Would like to see better longer lasting batteries developed for outdoor equipment as well. Cordless outdoor equipment has gotten better but it would be better to have equipment go an hour or more before charging. That would be enough to make me go all cordless and give up gas.

    • 0 avatar
      mcs

      @JeffS: You can definitely make shorter stops less than the maximum range. In fact, for long trips, the best strategy is to make stops to keep the car in the maximum charge rate sweet spot. Back in my long-distance driving days, I definitely stopped every 200 to 250 miles and sometimes less. I’d do the same with a 500+ mile range EV. Now, I can afford to fly longer distance so driving is less than 200 miles a day. Even with something with 280 miles, I’d probably never see a public charging station. I don’t charge at public locations now.

      With outdoor equipment, you can definitely go longer than an hour. To do that you might need two batteries. A Greenworks Model 2531502 dual blade dual battery mower can go for 80 minutes (unless you are cutting deep wet grass). You can run it on just one battery, then swap after 40 minutes to the second. Go another 40 minutes, then, since the charge time is 40 minutes, you can swap in the second battery and keep going for hours if you had to. No hassling with ethanol ravaged Chinese carburetors. Oh, and Greenworks has an inverter that you can plug the batteries into so that you can use them as an emergency power source.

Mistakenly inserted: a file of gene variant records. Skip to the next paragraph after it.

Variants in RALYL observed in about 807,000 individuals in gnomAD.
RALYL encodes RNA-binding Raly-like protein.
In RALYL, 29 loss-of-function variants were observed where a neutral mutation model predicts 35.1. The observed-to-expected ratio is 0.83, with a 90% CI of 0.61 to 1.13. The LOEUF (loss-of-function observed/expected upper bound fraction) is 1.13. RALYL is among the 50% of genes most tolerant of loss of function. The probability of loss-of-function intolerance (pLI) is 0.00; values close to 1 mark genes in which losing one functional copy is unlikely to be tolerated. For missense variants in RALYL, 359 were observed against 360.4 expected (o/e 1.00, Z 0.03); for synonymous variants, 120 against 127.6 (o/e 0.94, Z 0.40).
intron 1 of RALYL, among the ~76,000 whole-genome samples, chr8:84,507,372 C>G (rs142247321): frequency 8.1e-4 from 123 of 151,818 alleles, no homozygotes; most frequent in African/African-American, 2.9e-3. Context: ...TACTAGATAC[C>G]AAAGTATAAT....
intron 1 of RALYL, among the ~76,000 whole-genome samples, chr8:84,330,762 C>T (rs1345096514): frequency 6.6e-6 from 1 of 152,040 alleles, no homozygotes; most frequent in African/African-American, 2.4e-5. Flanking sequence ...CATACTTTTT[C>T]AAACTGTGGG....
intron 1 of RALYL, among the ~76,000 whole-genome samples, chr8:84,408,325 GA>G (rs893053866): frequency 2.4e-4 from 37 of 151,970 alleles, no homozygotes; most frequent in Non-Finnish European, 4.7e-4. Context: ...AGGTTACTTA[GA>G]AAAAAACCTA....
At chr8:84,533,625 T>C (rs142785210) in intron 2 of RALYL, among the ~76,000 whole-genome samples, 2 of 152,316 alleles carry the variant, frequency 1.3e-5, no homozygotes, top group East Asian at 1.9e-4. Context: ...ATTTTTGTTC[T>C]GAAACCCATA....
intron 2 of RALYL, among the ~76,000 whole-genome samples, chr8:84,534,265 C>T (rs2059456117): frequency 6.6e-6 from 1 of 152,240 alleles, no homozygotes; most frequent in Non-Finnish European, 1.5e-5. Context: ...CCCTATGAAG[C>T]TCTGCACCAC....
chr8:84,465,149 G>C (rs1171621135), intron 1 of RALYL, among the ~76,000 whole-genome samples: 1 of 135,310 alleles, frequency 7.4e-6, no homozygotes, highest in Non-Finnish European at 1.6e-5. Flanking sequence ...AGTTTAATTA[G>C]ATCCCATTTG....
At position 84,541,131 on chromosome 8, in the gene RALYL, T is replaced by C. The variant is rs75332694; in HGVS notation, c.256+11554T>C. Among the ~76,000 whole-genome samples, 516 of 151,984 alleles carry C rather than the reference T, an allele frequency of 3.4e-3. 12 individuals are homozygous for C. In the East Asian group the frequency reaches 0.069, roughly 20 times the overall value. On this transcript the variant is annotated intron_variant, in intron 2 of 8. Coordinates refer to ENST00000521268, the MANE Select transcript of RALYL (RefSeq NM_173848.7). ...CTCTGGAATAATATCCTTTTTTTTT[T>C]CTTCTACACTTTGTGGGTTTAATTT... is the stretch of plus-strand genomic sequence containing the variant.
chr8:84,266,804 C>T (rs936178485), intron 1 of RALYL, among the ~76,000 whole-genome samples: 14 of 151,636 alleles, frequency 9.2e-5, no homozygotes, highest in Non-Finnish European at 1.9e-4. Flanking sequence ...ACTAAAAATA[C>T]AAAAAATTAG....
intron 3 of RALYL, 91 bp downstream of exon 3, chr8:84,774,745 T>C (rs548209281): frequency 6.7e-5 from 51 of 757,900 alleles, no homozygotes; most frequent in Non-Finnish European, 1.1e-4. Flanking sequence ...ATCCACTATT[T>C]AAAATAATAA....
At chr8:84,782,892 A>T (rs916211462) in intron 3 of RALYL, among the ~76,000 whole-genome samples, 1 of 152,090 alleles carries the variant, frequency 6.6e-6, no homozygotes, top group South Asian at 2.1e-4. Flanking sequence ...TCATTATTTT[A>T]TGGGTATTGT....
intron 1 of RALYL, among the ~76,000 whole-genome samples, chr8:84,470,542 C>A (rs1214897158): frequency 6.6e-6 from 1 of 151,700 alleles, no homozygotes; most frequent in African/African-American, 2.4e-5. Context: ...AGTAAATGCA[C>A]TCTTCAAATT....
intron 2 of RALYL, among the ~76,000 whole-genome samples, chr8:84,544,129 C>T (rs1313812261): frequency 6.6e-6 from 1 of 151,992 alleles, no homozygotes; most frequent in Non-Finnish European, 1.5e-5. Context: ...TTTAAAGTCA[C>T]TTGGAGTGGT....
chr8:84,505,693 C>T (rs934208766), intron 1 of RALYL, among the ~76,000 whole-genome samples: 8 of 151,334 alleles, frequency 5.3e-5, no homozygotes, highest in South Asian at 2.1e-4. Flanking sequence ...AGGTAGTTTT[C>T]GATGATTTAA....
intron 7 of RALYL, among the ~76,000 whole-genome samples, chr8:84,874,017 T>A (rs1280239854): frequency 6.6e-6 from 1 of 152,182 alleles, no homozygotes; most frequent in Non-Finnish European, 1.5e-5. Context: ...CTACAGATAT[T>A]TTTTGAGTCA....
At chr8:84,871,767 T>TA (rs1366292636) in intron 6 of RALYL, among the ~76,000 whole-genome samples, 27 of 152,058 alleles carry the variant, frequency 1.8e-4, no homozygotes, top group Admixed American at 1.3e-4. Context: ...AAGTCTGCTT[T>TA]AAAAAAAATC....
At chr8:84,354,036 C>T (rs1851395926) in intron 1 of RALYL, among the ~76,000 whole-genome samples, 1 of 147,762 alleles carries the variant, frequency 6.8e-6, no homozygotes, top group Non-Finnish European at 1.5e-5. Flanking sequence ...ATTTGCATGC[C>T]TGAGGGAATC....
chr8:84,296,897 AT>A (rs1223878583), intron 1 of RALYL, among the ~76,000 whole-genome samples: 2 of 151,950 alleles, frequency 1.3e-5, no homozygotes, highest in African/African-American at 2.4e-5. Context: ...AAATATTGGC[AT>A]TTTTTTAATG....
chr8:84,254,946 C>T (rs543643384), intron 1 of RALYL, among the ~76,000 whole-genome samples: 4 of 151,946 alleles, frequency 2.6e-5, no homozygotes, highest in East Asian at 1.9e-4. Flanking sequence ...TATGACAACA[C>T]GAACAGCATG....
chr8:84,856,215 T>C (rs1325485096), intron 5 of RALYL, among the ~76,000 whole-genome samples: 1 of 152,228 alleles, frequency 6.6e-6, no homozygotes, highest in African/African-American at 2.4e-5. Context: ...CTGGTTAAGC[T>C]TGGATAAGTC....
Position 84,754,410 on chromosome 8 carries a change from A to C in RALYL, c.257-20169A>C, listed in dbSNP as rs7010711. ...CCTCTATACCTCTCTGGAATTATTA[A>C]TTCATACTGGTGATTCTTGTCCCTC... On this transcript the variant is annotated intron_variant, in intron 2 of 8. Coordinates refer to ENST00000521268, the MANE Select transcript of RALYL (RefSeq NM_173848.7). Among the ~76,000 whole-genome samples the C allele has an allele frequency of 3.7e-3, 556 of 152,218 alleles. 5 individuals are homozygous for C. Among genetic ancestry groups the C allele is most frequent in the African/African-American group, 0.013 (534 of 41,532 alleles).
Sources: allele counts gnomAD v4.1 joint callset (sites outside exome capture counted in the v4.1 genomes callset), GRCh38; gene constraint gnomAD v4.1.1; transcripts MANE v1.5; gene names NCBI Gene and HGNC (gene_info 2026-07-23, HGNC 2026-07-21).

• avatar
    ToolGuy

    Meanwhile in Britain:

    https://news.trust.org/item/20211001205906-6xhb0

    • 0 avatar
      jalop1991

      Meanwhile in Britain:

      https://insideevs.com/news/537120/ev-chargers-switched-off-uk/

      Government not only mandating new construction have EV charging, but that the EV charging be under the control of the Crown.

      In the end, you don’t own the car or even the ability to fuel it.

      You all can have your iPhones with wheels.

  • avatar
    realdriver

    Maybe you are missing the point. 520 miles range, gives the reassurance that you can go almost anywhere in a typical day and get back home without charging the car. If you go on a road trip, you are also unlikely to run out of charge and can do so at your convenience.

  • avatar
    Quincyc

    I am sorry, as i think you may have spent a significant amount of time on this article. I blelive your logic is flaw on this instance. As a professional analyst, we need to think in a macro point of view. Sure, you are correct that one may not need to drive 520 miles daily. However, every extra mile will save stress on the charging network. For instace, imagine if ICE vehicles only have the range of 100 miles, one would expect a queue at every gas station. Now, we all know recharging batteries is a much longer task then traditional refuel; therfore, it only exacerbate the situation. Ultimately, the bottom line is that more range is better for the EV community, despite the need individually.

  • avatar
    Edwaan